As hip-hop culture grows more diverse in voice and representation, the Grammys seem slow to catch up. The genre easily boasts several vibrant subgenres and possible spinoff styles of music. They might even deserve categories of their own. But during the industry’s most recognizable awards show, all artists who rap are lumped into the same lane. In this day and age, that’s akin to lumping all singers into the same genre just because they sing. Alas, it seems that hip-hop still may have miles to go before being fully recognized as more than just “rap music” in the eyes of those handing out the coveted golden gramophone. But who’s really responsible for this? Read More →
Rapper and fashion designer Lil Debbie rose to fame as part of the Oakland-based White Girl Mob, starring alongside fellow white woman rappers Kreayshawn and V-Nasty in viral hits like “Gucci Gucci.” Since those days she’s struck out on her own and moved to Los Angeles. Since hooking up with controversial, eccentric rapper/entertainer/pop culture icon RiFF RaFF, Lil Debbie has created multiple million view hits, including “SQUiRT” and “2-Cups.” A new EP, “California’s Sweetheart,” is scheduled for Fall of 2013. We caught up with Lil Debbie at the Orange County Observatory to chat about the challenges of being a white woman rapper, the difference between the Bay and Los Angeles, and diversity in the music industry.
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Photo from simstaplease.tumblr.com.
It’s been quite the year for rapper, entertainer, and cultural icon RiFF RaFF, formerly known by the name MTV Riff Raff, and before that the less-obviously-branded Jody Christian. Since last summer, the Houston native best known for his eccentric dress, outlandish antics, and distinctive Texas-infused drawl, has been signed by Diplo’s Mad Decent record label, subject to impersonation by no less than James Franco, and, as of next month, will have released his major label debut album, “Neon iCon,” which will feature appearances from Wiz Khalifa, YG, and Snoop Lion. He’s also been embroiled in a mild racial controversy, stemming from this confrontational interview by Hot 97’s Ebro. After all of that, we knew we had to catch up to RiFF RaFF to get his unvarnished opinion on race, diversity, and the rapidly changing composition of America’s population. If you want to see America’s demographics discussed as they’ve never been discussed before, check out our latest Countdown to 2042.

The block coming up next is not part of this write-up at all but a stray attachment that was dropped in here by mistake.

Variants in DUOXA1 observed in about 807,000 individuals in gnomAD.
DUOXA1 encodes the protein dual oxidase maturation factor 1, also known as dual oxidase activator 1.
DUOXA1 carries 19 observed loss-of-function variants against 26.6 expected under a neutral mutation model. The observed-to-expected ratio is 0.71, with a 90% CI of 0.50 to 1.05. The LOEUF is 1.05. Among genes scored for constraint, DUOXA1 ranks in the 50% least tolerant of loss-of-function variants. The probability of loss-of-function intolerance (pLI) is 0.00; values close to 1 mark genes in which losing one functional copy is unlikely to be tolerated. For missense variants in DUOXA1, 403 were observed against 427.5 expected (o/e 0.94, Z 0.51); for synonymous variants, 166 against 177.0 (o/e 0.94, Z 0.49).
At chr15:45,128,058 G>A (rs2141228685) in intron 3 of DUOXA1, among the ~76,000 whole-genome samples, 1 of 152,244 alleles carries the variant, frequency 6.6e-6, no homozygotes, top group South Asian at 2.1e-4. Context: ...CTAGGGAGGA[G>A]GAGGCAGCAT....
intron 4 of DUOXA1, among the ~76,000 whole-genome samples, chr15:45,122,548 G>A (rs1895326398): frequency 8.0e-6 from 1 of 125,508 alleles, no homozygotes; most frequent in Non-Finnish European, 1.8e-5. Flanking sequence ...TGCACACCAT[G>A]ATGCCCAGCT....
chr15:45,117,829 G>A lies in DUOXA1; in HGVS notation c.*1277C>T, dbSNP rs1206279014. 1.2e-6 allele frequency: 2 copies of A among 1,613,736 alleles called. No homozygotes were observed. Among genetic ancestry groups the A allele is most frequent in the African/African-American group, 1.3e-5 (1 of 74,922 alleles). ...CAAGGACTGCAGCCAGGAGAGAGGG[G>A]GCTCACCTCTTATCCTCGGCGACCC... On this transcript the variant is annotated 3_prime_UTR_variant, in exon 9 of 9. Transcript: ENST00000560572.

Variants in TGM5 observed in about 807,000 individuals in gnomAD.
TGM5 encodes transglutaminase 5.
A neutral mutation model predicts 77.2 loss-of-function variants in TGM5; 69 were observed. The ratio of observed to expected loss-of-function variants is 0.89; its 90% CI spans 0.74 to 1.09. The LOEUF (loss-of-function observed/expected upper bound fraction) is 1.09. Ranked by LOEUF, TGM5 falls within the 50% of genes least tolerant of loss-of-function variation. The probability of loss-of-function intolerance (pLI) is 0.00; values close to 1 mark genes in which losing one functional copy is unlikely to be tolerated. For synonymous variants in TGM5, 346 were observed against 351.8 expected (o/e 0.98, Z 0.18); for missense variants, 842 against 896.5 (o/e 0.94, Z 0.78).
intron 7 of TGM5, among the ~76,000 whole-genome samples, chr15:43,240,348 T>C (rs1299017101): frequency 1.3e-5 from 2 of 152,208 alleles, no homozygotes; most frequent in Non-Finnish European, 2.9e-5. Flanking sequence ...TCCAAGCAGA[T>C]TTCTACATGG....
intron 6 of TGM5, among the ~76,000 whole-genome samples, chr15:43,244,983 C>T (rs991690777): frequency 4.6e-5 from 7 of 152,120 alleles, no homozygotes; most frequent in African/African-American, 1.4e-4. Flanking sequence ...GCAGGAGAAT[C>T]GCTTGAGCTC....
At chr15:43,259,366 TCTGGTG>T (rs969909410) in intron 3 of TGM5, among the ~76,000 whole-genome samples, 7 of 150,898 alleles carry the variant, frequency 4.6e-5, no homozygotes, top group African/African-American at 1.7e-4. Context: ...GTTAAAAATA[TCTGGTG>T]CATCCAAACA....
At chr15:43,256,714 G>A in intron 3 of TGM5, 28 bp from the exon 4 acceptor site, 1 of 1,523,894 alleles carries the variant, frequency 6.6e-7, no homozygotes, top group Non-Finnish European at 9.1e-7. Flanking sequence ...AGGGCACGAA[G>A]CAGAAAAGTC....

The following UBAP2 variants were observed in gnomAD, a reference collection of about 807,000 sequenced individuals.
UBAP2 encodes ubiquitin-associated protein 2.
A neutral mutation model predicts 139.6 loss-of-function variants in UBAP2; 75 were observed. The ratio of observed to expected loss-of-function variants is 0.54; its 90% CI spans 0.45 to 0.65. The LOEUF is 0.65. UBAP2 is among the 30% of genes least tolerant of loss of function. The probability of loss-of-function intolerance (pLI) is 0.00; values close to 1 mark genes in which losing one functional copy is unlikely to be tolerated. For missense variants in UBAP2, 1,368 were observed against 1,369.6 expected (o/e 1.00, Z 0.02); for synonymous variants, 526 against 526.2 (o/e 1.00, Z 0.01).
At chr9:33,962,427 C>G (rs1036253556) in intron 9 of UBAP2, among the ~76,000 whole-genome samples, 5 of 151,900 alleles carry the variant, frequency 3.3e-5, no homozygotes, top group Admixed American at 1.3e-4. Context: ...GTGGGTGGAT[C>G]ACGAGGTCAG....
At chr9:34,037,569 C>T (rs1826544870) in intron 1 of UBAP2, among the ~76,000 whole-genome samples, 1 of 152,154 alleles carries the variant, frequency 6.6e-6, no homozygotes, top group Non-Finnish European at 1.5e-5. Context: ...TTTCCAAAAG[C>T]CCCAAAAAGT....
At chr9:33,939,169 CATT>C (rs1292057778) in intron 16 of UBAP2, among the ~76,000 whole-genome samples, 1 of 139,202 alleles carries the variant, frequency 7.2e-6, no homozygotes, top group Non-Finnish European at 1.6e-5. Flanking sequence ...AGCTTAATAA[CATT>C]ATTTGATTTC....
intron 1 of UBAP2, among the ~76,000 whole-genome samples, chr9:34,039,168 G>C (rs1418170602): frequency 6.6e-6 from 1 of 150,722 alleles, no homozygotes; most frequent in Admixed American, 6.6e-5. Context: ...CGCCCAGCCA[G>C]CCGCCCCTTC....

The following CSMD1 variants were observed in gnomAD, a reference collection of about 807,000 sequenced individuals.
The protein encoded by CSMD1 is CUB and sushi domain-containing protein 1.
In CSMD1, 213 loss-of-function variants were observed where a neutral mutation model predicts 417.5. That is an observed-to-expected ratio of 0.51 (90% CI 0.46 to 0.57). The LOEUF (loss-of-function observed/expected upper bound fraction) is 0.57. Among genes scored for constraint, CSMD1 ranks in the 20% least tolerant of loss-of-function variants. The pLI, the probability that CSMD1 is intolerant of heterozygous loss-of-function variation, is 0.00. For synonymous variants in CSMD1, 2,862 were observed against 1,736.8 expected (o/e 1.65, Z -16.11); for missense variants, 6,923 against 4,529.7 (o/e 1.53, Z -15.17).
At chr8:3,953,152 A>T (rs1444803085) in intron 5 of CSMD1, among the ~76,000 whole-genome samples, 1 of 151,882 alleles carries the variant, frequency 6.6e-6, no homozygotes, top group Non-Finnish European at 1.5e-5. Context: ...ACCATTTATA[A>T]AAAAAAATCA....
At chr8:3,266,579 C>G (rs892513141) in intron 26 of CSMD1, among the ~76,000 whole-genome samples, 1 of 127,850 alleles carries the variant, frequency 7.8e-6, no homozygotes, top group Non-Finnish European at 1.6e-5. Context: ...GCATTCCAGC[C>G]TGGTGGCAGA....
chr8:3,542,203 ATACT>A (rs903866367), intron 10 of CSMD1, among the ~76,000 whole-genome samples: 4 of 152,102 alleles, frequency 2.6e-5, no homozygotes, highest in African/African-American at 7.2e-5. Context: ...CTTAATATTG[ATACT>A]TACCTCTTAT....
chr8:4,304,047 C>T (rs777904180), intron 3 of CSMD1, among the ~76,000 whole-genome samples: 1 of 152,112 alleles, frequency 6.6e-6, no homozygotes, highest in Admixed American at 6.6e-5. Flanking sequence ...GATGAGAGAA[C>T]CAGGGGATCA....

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It’s pretty remarkable considering the age of the members of the Odd Future collective that they have enough reach to have a large carnival in the middle of downtown Los Angeles. The collective had members perform as well as artists like Read More
We had our sit down with Riff Raff so it’s always interesting to see what else the artist has to say. Nardwuar interviews Riff Raff at Triange Park in Vancouver, BC, Canada , hit the jump to watch it.
Remember when we asked Do Black People NOT F*** with Mitt Romney? Well we were able to ask Riff Raff and Dom Kennedy that question while on the set of GGN. Read More
It seems a number of white guys are creating the sonic landscapes for New York’s growing underground hip hop scene. For example, Harry Fraud who produced the popular street single Shot Caller by Bad Boy/Maybach Music Group artist French Montana. The song has become a summer theme song Read More
We’ve heard some cool things about Kitty Pryde…we’re not sure what to make of Riff Raff yet. But no matter what they are here together in this video. More info below:
Music is all about bringing people together—especially when those people are capable of virtually crashing internet servers with the snap of a Twitpic. Noisey teamed up with Kitty “Rap Game Taylor Swift” Pryde and Riff “Rap Game James Franco” Raff in Daytona Beach for “Orion’s Belt,” the new cut off of Kitty Pryde’s recent acclaimed EP, Haha, I’m Sorry. Cavorting around a beachside carnival, the dynamic duo gets into some (surprisingly) good, clean fun in a video that will inevitably be referred to as “Rap Game That-Last-Scene-In-Grease.”